September 18, 2009, 10:13 PM — Let me get this out of the way: I have been a huge fan of Chrome since it came out last September. Yet despite the refinement that newly-launched Chrome 3.0 displays, it's still not quite ready to take center stage as the browser of choice for business. Although its performance and clean, intuitive interface make it a joy to use, its lack of mainstream support limits its usefulness in the office.
As with anything else, the standard method of comparing browsers is to go down a list of features, check off which browser has which feature, and when you get to the end, the browser that fills the most checkboxes wins. Using this method, it's not clear that Chrome is a superior browser. Though it holds its own, it's not packed with the greatest number of features.
However, there is one aspect of Chrome which is profoundly more valuable than a host of checkboxes on a comparison sheet, and that is responsiveness. Although David Coursey may disagree, for most users, browser performance can be just as important as operating system performance, because most of us spend hours a day in the browser. When Chrome hit the browser stage last year, it sparked a welcome performance race between all major browsers.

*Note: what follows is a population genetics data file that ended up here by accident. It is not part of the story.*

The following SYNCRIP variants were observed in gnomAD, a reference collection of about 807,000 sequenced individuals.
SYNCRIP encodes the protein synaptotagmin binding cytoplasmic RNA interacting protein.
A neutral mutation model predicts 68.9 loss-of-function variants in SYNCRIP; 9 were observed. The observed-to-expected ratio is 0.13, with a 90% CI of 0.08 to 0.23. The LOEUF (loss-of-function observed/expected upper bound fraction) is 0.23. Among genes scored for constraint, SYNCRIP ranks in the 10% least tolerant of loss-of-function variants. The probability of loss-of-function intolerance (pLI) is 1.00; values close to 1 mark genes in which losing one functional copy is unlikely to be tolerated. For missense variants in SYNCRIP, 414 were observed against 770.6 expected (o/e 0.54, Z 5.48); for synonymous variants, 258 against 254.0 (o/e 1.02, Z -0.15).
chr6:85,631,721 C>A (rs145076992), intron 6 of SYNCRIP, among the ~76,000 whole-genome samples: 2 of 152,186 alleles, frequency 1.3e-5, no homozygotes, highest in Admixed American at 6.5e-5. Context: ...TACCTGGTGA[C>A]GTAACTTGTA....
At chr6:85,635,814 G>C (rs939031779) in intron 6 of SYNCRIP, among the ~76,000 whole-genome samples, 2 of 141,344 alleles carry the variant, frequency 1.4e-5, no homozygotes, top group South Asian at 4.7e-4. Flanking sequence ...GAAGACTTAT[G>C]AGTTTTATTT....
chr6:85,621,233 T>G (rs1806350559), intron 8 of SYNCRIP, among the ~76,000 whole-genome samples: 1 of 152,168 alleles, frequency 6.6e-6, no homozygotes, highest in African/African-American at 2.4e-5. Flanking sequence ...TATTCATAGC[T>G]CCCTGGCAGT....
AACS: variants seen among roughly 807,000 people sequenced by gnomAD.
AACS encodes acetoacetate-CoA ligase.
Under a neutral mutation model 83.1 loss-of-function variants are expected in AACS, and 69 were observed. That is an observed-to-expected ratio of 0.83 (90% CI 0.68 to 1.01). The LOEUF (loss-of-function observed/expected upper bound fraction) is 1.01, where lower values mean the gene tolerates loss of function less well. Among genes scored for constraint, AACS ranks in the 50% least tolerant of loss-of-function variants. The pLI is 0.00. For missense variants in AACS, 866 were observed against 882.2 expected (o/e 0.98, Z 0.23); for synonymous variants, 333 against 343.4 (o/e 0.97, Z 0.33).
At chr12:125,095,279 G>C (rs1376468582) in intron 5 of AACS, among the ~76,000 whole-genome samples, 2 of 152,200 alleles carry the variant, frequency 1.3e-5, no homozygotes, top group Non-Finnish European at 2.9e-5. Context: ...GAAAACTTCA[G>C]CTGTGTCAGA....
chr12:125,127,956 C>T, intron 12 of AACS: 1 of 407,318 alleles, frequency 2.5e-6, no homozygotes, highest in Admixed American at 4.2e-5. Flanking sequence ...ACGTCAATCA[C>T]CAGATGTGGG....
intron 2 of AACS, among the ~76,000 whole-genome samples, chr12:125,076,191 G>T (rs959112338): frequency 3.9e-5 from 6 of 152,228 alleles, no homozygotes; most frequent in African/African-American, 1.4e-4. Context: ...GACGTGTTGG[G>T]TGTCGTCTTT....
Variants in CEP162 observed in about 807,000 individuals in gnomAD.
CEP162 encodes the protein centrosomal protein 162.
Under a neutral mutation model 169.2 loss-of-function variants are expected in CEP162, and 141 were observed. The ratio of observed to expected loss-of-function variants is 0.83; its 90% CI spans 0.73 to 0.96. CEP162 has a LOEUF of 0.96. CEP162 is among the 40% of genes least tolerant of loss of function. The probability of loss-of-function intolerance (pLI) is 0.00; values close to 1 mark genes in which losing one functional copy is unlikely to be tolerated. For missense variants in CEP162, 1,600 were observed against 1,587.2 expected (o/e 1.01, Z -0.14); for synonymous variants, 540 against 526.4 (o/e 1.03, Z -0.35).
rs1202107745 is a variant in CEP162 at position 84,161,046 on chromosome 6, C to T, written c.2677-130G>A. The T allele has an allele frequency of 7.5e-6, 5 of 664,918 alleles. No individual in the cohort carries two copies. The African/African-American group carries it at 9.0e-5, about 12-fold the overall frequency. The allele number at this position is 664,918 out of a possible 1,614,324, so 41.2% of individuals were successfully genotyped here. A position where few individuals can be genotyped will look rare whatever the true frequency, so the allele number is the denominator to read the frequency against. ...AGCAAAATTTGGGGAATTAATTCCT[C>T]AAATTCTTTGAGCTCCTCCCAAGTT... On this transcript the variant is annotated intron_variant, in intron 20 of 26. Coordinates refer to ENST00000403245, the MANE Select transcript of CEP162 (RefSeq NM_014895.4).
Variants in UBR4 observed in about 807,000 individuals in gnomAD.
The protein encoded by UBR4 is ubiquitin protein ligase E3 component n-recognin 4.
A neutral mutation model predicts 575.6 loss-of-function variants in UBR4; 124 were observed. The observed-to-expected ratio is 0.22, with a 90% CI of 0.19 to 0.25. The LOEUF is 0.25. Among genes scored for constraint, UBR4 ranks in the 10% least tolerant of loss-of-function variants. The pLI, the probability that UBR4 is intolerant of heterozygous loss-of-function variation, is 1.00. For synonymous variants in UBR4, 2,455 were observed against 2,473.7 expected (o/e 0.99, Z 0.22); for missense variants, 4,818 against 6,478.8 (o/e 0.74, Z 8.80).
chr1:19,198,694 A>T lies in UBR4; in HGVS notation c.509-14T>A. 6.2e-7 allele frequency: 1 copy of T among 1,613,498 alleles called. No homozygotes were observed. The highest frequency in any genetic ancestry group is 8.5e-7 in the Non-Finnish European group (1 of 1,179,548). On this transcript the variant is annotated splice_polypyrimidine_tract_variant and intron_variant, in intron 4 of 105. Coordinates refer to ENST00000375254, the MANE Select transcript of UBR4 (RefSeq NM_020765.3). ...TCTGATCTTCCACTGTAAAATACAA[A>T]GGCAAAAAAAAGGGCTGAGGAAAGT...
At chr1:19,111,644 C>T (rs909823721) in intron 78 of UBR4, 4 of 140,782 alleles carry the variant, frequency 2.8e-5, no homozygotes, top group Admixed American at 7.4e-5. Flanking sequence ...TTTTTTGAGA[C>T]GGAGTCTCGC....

Unfortunately, of the four leading browsers (IE, Firefox, Safari, and Chrome), Chrome has the least support from developers. It is absent on the list of supported browsers on many major Web apps. It isn't even mentioned on the Silverlight Compatible Operating Systems and Browsers chart (no surprise there). If you do a little drilling on Adobe's Flash Compatibility chart, you'll find that while Flash 10 is supported on Chrome with XP and Vista, it is not with Windows 7, Windows 2000, or Windows Server. There are tons of other Web applications out there, such as SalesForce.com, in which Chrome might actually work, but the developer is not yet committed to officially supporting it.